I loved this analogy. I work well with analogies and in this instance, this analogy could be literal. How do you actually do the dishes? This helped me rethink how I bless my family with keeping my house clean and free of “noise”. I don’t love doing the actual dishes, but I do love how the end result of a clean kitchen positively effects my family.  

To take it further than the literal question, he had me thinking about my motives of withdrawing. Would I be withdrawing out of hurt and disappointment? Would I do it to punish other people? Or would I be pumping the brakes out of a healthy desire to regroup (hello expectations!) and reprioritize what truly matters? I had to think of what was best for us! My own little family truly matters most, but I can get a little distracted at times. This was a perfect reminder for me.

My beautiful little family. I was getting my church bag and locking up the van when I saw this. My eyes got wet. How blessed am I to have these four? I keep this as my wallpaper on my phone to have a constant reminder of how blessed I am.

This analogy also helped me think of my “why”. Why am I saying yes to so many things? Is it out of obligation or guilt? Or is it because I genuinely want to say yes?

I had an epiphany one day that goes along with this analogy. I must give a little back story first. My husband and I have very different languages of love. (Fun fact: I’ve never actually read the book The 5 Love Languages cover to cover, but I want/need to!) I’m more of a Words of Affirmation and Physical Touch kind of girl. Keegan is more of an Acts of Service and Quality Time Together kind of guy. We tend to give our love in the way we want to receive. This can cause complications. And it has. I communicate my love to Keegan in the way that’s meaningful to me, but unfortunately not as meaningful to him. And vice versa. Sometimes, I’ve focused on what I’m not getting, instead of focusing on what’s in front of me. Keegan wasn’t always telling me he loved me with his words, but he absolutely showed me with his actions.

One day, as I looked around our house, something hit me hard. I saw evidence of Keegan’s love EVERYWHERE! It was a real humbling experience for me! I was able to see through a different lens. I saw that Keegan truly serves me and our family and it was humbling. He’s a finishing carpenter, and he did the finishing work on our house. Literally, I could see his love everywhere. I looked at the garbage can that was put outside for the garbage truck to pick up. He takes it out every Wednesday. I looked at our manicured lawn (or was it a shoveled driveway? I can’t remember because weather is crazy here.) I saw my van parked in the garage. Keegan makes sure the garage is cleared out on my side so I can park inside. Meanwhile, he parks outside and contends with rain or snowy and icy windows to clear off. I saw our full fridge and pantry and recognized that Keegan was the reason I could keep our family fed. The list goes on. He does so much for me and my family. I just needed to open my eyes a little more to see it in a different light. I try to show gratitude, but this taught me something different.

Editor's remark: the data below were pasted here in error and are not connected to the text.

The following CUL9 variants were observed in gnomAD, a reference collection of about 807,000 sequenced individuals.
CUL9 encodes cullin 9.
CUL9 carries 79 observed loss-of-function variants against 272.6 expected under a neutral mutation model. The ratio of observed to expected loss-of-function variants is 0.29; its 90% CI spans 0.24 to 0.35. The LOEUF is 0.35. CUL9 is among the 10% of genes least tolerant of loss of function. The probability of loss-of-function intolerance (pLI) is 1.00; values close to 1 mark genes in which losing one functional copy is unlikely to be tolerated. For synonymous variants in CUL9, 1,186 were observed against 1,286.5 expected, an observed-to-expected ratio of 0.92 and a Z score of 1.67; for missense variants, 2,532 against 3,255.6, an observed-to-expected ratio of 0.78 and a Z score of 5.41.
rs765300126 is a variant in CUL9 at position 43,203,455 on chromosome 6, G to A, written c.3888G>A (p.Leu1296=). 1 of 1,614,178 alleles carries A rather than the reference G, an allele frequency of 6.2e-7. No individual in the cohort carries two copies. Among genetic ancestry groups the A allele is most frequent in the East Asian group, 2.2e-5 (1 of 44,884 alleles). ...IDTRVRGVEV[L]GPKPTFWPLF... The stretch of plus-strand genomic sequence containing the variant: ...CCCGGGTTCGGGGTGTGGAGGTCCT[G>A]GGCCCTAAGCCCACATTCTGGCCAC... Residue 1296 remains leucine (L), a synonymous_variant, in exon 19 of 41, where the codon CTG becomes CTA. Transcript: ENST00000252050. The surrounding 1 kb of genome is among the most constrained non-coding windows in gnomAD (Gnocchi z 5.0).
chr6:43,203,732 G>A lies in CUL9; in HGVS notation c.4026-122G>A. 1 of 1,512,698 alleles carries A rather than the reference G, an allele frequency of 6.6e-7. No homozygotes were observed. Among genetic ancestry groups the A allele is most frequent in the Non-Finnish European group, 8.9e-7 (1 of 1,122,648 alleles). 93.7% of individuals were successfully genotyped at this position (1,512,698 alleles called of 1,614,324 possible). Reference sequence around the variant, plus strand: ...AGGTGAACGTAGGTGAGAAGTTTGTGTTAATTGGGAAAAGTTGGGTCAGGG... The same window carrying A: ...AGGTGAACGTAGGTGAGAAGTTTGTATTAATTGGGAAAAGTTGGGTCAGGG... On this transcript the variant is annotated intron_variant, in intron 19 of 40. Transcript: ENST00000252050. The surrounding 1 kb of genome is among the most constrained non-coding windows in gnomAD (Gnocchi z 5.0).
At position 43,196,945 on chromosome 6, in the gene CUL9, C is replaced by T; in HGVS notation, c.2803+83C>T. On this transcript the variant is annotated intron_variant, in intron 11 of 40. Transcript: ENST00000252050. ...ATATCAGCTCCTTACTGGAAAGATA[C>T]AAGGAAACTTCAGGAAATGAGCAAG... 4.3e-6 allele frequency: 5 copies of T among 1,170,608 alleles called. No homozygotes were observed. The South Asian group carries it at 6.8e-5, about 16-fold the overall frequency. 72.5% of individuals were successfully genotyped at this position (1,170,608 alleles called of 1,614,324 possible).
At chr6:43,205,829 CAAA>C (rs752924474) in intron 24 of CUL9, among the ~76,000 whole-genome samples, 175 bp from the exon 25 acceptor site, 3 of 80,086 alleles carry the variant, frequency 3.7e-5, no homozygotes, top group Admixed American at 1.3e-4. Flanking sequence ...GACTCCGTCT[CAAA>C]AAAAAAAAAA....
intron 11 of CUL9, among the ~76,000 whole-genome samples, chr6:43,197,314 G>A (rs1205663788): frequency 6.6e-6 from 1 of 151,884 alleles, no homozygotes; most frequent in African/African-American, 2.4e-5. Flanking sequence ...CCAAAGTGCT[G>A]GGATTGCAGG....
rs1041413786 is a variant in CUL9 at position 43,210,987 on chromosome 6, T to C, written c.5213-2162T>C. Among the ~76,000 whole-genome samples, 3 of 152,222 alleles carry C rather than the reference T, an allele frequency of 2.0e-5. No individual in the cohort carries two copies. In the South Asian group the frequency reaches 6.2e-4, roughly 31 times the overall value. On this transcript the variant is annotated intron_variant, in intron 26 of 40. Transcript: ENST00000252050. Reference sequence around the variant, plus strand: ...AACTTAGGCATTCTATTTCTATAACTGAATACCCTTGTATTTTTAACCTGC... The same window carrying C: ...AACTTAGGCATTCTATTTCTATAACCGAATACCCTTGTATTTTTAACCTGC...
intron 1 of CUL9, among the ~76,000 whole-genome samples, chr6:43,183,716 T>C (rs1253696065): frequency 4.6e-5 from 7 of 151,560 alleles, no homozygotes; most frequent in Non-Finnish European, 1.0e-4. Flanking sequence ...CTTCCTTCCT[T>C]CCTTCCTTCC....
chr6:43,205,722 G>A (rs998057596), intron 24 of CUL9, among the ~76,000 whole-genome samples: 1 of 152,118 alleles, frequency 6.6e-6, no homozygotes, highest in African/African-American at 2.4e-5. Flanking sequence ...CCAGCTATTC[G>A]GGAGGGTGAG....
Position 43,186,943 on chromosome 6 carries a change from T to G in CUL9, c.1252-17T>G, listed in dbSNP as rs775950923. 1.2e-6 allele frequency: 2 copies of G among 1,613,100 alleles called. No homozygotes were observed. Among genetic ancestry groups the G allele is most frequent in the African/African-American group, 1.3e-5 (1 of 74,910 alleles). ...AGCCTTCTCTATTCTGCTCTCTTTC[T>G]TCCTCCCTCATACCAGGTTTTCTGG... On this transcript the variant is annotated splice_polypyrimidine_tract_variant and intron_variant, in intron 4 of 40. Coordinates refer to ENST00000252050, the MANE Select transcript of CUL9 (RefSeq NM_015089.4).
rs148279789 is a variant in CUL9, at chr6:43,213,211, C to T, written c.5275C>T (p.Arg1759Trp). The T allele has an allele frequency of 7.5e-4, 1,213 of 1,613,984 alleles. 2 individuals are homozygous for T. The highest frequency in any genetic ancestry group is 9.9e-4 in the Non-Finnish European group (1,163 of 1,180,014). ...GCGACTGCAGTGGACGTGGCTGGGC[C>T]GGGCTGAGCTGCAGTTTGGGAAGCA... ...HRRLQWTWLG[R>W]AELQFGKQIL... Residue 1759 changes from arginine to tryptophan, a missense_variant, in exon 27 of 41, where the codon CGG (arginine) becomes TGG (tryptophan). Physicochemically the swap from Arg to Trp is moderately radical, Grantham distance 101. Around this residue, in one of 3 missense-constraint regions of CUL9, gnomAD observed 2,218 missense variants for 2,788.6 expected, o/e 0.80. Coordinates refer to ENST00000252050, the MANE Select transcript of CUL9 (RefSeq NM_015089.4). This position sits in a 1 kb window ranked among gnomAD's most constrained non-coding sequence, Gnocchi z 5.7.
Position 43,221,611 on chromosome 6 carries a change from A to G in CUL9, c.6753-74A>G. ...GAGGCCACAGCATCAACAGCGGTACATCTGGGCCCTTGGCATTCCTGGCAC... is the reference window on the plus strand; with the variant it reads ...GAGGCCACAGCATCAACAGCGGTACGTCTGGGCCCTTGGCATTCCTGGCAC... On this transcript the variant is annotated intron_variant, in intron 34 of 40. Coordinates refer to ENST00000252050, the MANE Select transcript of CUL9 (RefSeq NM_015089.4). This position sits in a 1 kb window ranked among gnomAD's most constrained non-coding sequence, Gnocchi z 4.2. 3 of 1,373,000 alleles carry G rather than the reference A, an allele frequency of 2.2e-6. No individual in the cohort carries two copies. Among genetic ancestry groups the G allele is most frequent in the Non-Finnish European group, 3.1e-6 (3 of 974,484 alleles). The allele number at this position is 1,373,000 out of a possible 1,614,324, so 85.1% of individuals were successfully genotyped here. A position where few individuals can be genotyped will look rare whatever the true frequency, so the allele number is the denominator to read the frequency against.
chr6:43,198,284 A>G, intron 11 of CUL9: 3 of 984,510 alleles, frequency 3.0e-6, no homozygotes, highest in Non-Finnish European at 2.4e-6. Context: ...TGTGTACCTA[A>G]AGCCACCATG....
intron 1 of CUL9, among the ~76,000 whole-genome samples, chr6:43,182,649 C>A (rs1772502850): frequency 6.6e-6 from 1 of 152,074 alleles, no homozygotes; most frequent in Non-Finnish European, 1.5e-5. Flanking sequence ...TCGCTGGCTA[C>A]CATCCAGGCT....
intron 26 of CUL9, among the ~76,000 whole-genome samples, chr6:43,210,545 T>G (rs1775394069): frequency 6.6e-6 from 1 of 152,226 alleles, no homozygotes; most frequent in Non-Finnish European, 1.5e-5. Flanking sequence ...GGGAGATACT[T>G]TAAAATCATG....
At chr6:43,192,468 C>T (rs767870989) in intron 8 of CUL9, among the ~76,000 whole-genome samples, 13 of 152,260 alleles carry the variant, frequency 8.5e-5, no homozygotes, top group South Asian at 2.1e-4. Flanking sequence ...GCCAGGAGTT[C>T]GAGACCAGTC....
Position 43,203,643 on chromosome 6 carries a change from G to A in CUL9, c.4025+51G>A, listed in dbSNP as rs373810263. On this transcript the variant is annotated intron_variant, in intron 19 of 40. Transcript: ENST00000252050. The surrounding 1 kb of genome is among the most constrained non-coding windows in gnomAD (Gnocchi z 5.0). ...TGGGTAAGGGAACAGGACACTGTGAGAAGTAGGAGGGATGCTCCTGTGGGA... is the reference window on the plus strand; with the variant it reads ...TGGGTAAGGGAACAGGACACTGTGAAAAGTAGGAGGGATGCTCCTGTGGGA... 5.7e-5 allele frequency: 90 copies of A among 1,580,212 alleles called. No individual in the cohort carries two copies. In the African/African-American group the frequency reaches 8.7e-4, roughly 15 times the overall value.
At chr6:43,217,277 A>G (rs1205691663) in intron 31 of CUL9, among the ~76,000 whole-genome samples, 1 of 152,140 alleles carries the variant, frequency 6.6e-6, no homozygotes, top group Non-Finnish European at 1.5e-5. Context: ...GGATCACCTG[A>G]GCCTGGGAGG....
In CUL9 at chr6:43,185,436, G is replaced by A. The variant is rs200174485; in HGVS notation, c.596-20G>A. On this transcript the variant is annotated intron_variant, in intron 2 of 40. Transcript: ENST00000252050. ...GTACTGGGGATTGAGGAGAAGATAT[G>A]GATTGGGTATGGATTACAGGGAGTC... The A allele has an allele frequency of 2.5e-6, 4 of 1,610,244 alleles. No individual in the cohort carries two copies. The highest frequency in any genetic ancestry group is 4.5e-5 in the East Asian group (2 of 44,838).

When the magnitude of Keegan’s love and service hit me, I got pretty emotional. I texted him, and said, “You do love me so much. Sometimes I don’t see all the ways you show me you love me. I’m trying way harder to recognize it. And I’m seeing it everywhere. You’re kind of obsessed with me.” (I actually searched our text history for this quote. It’s kind of weird to quote myself.)

I’m telling you, this was paramount in our relationship!!! It completely changed how I was being filled up. Because I could finally recognize Keegan’s love language, I could feel how much he loves me. Keegan has always been so devoted to me. It took me many moons to see it. Heck, even in his dreams he’s devoted to me. (In real life I’m devoted, but not in my dreams. Insert shifty eyes and awkward laugh.)

Fast forward. I look for ways I can show Keegan I love him, in his love language. Sure, I still give words of affirmation and affection, but I’m trying more than ever to SHOW him. I’m trying to teach our kids that, too. For Father’s Day this year, their present to their dad was decluttering their toys. Then I helped them sell their toys. With that money, they took him out for ice cream. Now that was meaningful to Keegan.

I am forever grateful for God’s help along the way. I was able to give my burdens to Him. There’s so much more I could say about that and all the tender mercies. For the time being, I’ll add my gratitude for how He helped me recognize the need to go to a therapist. I’m forever grateful for Dr Smith and his insights. I’m grateful that he called a spade a spade and wouldn’t let me get away with an easy out. The decision to seek out professional help is sometimes not supported by family members, for whatever reason.  I’m forever grateful for a husband who supported and encouraged me to see Dr Smith.

I know that it’s okay to not be okay. After my mom died, my world was shattered. I wasn’t okay. But I took time to feel everything I needed to. I didn’t rush through my stages of grief. (Have I mentioned that anger was a stage I lingered at for a while?) I didn’t suppress anything. And after that, I was able to take charge of my healing and seek spiritual, physical, emotional and mental help. I’m forever grateful for that. Nuggets I’ve learned along the way, like the two ways to do the dishes, have truly given me a chance to change. The ability to change is a true gift.